(Bloomberg) -- Japanese whisky fanatics don’t generally look for their beverage of choice in New York’s Chinatown. But soon they will.

Down an alley off the Bowery, behind a camouflaged door at the back of the popular yakitori spot Kono, is the pocket-size Beatbox. On March 21 the whisky and vinyl den opens to the public. Or at least to guests who’ve dined at Kono or know someone who has.

The intimate, midcentury modern-styled Beatbox follows the Japanese custom of ichigen-san okotowari, or the “you’ve got to know someone” concept. Kono regulars, and friends of Kono regulars, will be given priority access to book the 100-square-foot bar. New customers can try sending requests through Instagram. 

“We are not trying to create artificial exclusivity,” says partner Selwyn Chan. He points to the intimacy of the space—the room can only accommodate groups of two to four people—as the reason to keep the guest list down.

The dimly lit, living-room-esque bar pays tribute to 1960s Japan, with antique wood cabinetry, a brown velvet love seat and a gray shag rug. The room is dominated by a wall of rare Japanese whiskies, sold in 2-ounce pours or whole bottles; leftovers can be taken home, or as happens in “bottle-keep” bars in Japan, Beatbox will also store the remaining contents for a future visit.

There are no cocktails, outside of highballs. The emphasis here is on pours, which, at the higher end, include Yamazaki’s lauded Sherry Cask whisky that goes for $1,300 a glass.

The soundproof space is outfitted with a record player, two hi-fi speakers and rows of vinyl from chef, partner and former break dancer Atushi Kono’s personal collection, ranging from the Beatles to jazz guitarist Wes Montgomery to Run-DMC. (Guests can also bring their own LPs.) Each reservation—available at 5 p.m., 8 p.m. and 10 p.m.—spans 60 minutes, or the approximate duration of most albums.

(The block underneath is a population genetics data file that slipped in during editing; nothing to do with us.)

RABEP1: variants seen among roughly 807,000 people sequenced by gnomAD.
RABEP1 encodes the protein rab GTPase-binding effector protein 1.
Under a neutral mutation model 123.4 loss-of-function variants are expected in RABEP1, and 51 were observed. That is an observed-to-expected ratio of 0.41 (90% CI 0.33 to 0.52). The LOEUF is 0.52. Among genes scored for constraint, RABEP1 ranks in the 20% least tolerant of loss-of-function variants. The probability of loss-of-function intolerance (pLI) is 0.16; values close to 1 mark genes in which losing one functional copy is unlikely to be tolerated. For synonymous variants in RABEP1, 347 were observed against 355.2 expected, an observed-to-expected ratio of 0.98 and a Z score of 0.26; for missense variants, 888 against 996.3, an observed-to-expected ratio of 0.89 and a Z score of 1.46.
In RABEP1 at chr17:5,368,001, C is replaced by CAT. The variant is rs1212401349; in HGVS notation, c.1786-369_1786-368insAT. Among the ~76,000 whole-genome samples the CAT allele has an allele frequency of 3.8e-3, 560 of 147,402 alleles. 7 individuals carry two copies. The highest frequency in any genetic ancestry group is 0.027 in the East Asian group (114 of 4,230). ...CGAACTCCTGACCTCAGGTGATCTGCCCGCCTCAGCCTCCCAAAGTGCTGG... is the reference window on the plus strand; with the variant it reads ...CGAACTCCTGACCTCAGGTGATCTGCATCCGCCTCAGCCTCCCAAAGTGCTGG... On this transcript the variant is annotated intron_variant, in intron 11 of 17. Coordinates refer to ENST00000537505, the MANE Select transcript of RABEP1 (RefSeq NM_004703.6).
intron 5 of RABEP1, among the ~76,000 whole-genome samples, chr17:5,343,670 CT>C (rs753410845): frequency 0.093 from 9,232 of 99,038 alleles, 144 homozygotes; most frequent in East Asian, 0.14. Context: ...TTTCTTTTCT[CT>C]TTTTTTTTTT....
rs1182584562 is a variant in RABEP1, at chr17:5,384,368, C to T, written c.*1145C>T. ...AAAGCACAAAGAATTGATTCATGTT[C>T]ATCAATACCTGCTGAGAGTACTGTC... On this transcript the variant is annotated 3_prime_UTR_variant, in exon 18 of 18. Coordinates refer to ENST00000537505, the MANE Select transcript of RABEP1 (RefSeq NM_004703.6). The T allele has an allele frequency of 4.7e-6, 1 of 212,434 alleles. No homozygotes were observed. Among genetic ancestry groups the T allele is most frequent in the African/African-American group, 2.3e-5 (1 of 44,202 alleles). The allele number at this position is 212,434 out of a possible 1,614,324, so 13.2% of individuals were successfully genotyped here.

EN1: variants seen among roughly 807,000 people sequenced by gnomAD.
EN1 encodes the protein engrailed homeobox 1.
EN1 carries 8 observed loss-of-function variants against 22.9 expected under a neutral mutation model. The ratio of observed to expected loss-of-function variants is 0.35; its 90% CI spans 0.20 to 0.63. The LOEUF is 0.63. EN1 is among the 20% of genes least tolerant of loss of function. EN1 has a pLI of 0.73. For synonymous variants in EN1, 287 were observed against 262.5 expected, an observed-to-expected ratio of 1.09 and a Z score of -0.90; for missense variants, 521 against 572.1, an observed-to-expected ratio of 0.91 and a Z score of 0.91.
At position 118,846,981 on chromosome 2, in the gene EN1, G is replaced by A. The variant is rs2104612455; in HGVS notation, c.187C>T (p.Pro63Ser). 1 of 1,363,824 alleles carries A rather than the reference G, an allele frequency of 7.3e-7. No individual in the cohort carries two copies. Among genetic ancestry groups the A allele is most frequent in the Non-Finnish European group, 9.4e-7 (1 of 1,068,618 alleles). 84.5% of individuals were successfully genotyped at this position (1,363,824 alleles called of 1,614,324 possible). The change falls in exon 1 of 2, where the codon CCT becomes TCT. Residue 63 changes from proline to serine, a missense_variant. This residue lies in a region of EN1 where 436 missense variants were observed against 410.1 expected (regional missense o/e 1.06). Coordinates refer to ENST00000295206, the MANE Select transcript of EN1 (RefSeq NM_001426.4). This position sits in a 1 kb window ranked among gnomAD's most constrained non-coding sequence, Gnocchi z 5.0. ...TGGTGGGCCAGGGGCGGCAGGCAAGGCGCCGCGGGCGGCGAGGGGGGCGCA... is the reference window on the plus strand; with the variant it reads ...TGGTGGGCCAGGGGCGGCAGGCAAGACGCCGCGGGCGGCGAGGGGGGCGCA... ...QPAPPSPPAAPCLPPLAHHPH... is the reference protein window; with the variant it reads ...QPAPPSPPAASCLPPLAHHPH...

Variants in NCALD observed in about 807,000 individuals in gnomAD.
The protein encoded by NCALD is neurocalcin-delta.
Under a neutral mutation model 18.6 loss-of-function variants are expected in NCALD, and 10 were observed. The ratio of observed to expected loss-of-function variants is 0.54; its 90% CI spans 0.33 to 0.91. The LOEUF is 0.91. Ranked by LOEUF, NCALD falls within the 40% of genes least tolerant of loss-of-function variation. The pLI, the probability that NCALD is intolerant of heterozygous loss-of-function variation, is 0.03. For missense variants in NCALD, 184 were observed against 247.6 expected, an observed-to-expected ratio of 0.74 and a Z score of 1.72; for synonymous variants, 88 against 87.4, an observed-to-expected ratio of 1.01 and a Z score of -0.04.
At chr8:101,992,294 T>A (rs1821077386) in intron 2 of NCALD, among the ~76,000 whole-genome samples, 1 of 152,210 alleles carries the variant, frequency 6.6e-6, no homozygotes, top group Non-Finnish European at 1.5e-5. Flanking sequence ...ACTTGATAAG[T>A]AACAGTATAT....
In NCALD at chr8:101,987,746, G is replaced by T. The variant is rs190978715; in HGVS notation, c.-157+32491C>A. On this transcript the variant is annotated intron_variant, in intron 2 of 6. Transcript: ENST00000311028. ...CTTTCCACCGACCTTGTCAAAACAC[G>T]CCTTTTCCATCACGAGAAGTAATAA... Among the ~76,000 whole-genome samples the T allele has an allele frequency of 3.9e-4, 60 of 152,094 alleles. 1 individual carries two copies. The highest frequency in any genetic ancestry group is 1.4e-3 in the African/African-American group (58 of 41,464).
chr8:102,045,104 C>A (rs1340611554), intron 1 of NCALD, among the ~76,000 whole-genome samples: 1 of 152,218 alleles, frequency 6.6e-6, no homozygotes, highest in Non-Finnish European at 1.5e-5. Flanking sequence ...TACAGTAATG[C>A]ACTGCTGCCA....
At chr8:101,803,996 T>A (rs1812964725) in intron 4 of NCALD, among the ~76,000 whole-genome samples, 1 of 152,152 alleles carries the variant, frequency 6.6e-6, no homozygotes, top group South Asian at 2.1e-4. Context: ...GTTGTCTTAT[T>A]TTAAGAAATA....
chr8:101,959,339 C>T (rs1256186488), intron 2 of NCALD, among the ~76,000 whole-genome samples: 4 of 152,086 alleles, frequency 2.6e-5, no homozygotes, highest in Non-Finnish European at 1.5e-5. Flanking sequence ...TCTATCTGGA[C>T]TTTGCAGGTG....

Chan is expecting a long line of customers, as Japanese whisky is one of the spirit world’s hottest commodities. Among Beatbox’s costlier pours are glasses of smoky Hakushu 25 or brown-sugar-imbued  Hibiki 30, which go for upwards of $1,000. But there are more reasonable options like the Chita, for $28 a pour. 

Related:  A Whisky Lover’s Guide to Japan

Chan and Kono collaborated with alcohol behemoth Suntory Holdings Ltd. to create Beatbox, sharing the cost of the build-out. For the past six months the booze brand has used the space to entertain clients. Its whiskies will be on display for the next two months, but customers can request other pours (there is no menu);  Beatbox will stock about five dozen options, total, when it opens. 

Starting this summer, the team will expand the selection to comprise about 75 by-the-glass options, including such sought-after labels as Karuizawa’s 19 Year Old ($650 per 2-oz. pour), the Nikka Taketsuru 25 ($900) and Ichiro’s Hanyu the Joker (which goes for upwards of $800 a pour based on market price).

During the hour that customers have the space, servers will do everything from flip records to refresh a highball—simply press the call button located on a side table and someone will come in. Customers with an expense account can check out the rotating reserve list offering whiskies by the bottle. Prices, which fluctuate based on market value, begin at around $2,500 for the Yamazaki 18 Year limited edition and span up to $14,000 for the Hibiki 30 Year Kacho Fugetsu limited edition. 

Besides the know-someone roots of Beatbox, the owners say they’re inspired by Japan’s culture of tiny stand-up bars known as tachinomis, meshed with the global trend of retro-themed listening-room bars that continue to proliferate.

Beatbox also expands New York’s love affair with Japanese whisky, highlighted at places including the Lower East Side Japanese cocktail haunt Bar Goto and the whimsically garnished cocktail lair NR on the Upper East Side, as well as newer spots like Gramercy’s innovative drink-focused Martiny’s and the luxe Flatiron lounge Shinji’s. But nobody in the city stocks the type of rare and discontinued bottles that Beatbox will offer. 

The trick is getting in to taste them.

©2023 Bloomberg L.P.